Hommage à Bidú Sayão
Conductor Donald Voorhees introduces Bidú Sayão [0:57]
Wolfgang Amadeus MOZART (1756-1791)
Le nozze di Figaro
Voi che sapete [2:55] (10 February, 1947)
Deh vieni, non tardar [4:39] (23 May, 1949)
Gioachino ROSSINI (1792-1868)
Guillaume Tell - Mathilde’s Romanza [5:55] (1 January, 1950)
Giacomo PUCCINI (1858-1924)
La Bohéme
Mi chiamano Mimí [5:12] (10 December, 1947)
Addio, senza rancor [3:28] (10 December, 1947)
Oh! come é bello e morbido [1:48] (10 December, 1947)
Antonio Carlos GOMES
Romanza: Come serenamente il mar from the opera O Éscravo [5:07] (29 April, 1940)
Charles GOUNOD (1818-1893)
Romeo et Juliette - Je veux vivre [3:30] (2 November, 1947)
Léo DELIBES (1836-1891)
Les filles de Cadiz [3:33] (28 August, 1944)
Nicolai RIMSKY-KORSAKOV (1844-1908)
The Nightingale and the Rose [2:54] (19 June, 1944)
Camille SAINT-SAËNS (1835-1921)
The Swan [2:44] (14 September, 1953)
Heitor VILLA-LOBOS (1887-1959)
Two Art Songs
Lundú da Marqueza de Santos [2:44] (1 October, 1945)
Nhapôpé [2:34] (18 February, 1946)
Narcisco SERRADEL SEVILLA (1843-1910)
La Golondrina [2:58] (17 September, 1951)
Liza LEHMANN (1862-1918)
The Cuckoo [2;10] (1 October, 1945)
The Last Rose of Summer [3:26] (5 February, 1945)
Hey Diddle Diddle [1:25] (19 June, 1944)
Ernest CHARLES (1895-1984)
When I have Sung my Songs to You [2:30] (1 October, 1945)
The History of Rats [2:09] (22 January, 1945)
Turn Ye to Me [3:43] (27 August, 1945)
Leonard BERNSTEIN (1918-1990)
Two Art Songs
I Hate Music [1:47] (30 September, 1946)
I Just Found Out Today [2:21] (18 February, 1946)
Long, Long Ago [4:25] (19 June, 1944)
Bidú Sayão (soprano)
Donald Voorhees conducting the Bell Telephone Orchestra (tracks: 2, 3, 10-16, 18-20, 22-24)
Gaetano Merola conducting the San Francisco Opera Orchestra (The Standard Hour) (tracks 4-7)
Joseph Stopak conducting the NBC Orchestra (track 8)
Paul Breisach conducting the San Francisco Opera Orchestra (track 9)
Howard Barlow conducting the Voice of Firestone Orchestra (track 17)
Howard Barlow conducting the Armed Forces Orchestra (track 21)
CEMBAL D’AMOUR CD144 [75:06]

The inaugural disc in this Bidú Sayão series spans the years 1940 to 1953. It takes in standard operatic fare - arias from The Marriage of Figaro, William Tell, La Bohème and Romeo and Juliet - adds material both light and traditional, includes some possibly unexpected repertoire, and takes us to a satisfying seventy-five minute duration in well prepared transfers. The performances derive from a variety of sources. Collectors will note the name Donald Voorhees and correctly draw the conclusion that we’re talking of the Bell Telephone Hour broadcasts. There are however a number of things from The Standard Hour, with the San Francisco Opera Orchestra directed by Gaetano Merola. The Voice of Firestone broadcasts are also represented as well as a single track with the Armed Forces Orchestra and Howard Barlow. So this is a heterogeneous collection that avoids the commercial recordings that the lyric soprano made; though it’s my impression that she left behind all too few of those.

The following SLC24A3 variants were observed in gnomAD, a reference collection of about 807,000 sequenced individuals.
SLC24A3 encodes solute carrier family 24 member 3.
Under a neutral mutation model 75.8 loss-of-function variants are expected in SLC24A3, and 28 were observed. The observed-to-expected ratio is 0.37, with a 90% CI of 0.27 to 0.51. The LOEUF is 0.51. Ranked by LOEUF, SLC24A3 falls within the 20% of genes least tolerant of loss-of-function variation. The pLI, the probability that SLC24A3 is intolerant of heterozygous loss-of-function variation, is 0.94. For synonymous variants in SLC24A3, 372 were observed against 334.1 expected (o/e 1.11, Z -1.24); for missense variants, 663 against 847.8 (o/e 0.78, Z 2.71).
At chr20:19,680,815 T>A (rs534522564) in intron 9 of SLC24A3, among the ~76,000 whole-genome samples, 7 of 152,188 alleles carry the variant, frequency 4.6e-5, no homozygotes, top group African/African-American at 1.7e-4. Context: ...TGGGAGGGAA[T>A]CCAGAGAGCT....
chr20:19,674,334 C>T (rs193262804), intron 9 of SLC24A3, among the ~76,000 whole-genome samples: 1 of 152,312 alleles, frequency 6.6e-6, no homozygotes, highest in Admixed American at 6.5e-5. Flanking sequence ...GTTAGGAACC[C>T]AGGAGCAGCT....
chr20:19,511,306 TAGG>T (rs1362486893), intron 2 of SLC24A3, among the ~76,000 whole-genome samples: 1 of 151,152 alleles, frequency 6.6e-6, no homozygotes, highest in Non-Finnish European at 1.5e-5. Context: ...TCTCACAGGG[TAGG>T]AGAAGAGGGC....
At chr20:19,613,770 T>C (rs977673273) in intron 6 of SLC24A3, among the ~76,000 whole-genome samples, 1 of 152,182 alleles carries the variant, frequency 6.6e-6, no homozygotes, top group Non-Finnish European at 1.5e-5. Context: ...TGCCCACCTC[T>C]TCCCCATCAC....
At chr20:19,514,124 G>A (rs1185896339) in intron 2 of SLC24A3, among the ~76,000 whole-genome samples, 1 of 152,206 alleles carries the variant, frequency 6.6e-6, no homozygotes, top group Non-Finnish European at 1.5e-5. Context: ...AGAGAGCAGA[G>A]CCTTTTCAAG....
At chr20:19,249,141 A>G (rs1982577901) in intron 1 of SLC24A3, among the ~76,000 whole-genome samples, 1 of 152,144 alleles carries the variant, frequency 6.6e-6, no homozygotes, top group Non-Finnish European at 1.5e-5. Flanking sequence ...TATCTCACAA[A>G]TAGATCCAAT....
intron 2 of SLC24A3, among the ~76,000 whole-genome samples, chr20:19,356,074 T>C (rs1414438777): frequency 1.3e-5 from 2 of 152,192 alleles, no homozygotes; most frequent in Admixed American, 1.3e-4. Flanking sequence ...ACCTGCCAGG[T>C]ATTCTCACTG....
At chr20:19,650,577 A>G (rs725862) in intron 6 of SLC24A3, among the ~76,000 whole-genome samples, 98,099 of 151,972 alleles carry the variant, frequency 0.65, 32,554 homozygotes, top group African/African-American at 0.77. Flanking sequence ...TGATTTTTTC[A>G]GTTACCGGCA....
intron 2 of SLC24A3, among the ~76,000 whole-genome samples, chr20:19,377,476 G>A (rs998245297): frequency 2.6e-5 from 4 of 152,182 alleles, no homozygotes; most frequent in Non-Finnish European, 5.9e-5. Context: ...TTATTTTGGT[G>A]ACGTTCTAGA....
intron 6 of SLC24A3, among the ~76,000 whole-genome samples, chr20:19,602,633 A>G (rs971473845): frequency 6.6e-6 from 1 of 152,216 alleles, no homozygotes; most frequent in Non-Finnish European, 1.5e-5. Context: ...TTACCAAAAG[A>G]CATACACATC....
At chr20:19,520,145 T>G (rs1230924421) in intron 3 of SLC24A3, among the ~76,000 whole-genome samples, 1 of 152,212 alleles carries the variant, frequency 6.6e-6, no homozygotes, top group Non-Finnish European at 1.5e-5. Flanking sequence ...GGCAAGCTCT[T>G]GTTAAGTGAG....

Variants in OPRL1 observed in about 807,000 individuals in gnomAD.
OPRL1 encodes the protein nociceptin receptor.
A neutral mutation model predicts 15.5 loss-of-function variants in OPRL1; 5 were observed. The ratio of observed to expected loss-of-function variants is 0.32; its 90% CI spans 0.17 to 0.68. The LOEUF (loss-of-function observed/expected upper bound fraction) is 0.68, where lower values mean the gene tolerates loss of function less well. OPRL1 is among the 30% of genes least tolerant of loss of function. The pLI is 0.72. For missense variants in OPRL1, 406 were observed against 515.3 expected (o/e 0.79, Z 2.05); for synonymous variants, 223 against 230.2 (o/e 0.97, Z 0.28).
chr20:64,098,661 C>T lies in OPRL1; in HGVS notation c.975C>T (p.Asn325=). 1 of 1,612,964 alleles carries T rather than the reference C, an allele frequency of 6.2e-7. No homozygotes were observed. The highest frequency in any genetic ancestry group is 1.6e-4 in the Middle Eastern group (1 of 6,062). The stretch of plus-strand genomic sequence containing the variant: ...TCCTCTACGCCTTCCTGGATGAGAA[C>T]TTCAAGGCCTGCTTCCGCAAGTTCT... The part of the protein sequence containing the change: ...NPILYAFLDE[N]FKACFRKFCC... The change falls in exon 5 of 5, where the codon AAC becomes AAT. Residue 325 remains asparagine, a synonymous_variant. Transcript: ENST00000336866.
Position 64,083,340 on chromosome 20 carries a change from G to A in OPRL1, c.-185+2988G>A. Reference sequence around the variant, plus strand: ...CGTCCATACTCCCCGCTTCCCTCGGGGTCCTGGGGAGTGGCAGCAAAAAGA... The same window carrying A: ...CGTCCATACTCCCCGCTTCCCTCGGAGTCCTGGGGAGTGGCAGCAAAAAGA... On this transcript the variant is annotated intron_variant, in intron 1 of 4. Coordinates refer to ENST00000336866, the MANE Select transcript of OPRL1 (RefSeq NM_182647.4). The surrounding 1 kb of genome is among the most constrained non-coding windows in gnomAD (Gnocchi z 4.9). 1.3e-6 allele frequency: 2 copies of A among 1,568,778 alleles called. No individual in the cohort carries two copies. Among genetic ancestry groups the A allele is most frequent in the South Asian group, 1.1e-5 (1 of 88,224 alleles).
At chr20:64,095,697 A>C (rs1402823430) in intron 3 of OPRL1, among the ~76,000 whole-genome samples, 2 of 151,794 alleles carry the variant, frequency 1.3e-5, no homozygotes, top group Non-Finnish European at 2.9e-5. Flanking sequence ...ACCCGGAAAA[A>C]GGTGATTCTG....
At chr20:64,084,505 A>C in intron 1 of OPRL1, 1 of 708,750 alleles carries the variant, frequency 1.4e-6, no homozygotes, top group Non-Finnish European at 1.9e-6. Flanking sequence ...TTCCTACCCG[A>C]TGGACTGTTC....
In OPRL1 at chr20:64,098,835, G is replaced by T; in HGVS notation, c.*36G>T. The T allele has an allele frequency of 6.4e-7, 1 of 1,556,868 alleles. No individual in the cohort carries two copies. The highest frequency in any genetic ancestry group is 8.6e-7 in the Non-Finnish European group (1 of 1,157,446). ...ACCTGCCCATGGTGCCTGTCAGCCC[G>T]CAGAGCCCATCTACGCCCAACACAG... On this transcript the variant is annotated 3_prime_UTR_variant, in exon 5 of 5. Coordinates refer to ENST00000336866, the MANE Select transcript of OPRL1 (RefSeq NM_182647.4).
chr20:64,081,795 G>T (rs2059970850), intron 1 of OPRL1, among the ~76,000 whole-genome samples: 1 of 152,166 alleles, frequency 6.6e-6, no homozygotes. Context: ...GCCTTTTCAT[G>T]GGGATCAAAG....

The disc has certainly been artfully programmed. The spicy fanfare with which it opens, retained from the vaults of the Bell Telephone ‘Encore’, was a kind of retrospective look back at the series of broadcasts and so is not contemporary with the tracks that follow. Voi che sapete derives from 1947 and is full of her tremendous charm and communicative spirit. The Rossini-Puccini sequence from San Francisco follows. It shows the coloratura fire of her Romanza from William Tell, her tonal shading, and commanding theatrical instincts. It also shows she was a first rate Puccini singer. All four arias were recorded on 10 December 1947.

It’s good though in this context to be reminded of her vivacity in other less travelled areas of the repertoire. Gomes’s Come serenamente il mar from the opera O Éscravo for instance opens out the sphere of reference nicely. Her Gounod is full of a similar charm - that word again - but it’s one predicated on a rock solid technique, a focused coloratura and excellent intonation. Such technical flourish can be best appreciated in Delibes’s Les filles de Cadiz which offers a panache-filled three and a half minutes, replete with bravura. The Swan is a rather unusual piece for her and she sounds unusually stentorian here with a little untidiness at the end. But we have a passionate and sweeping brace of Villa-Lobos songs to get more to the heart of her. Listen to the marvellously calibrated rubati in Lundú da Marqueza de Santos.

Her songs in English offer flashes of smile and sentiment, her accent stretching and elongating vowels with delicious results. Her cuckoo is ‘cukuuu’ in the Lehmann song, her Last Rose of Summer eminently sweet. She also takes on an odd one in the shape of Vene’s The History of Rats, about which I haven’t been able to find much. It’s not as good a song as it is a title. Turn Ye To Me is rather statuesque, it’s true, but the bracing Bernstein songs show up to date ears for 1946.

This is a fine start to the Sayão series. It has variety, and allure, and has been well transferred.

Jonathan Woolf

A fine start to the Sayão series: variety and allure, well transferred.… see Full Review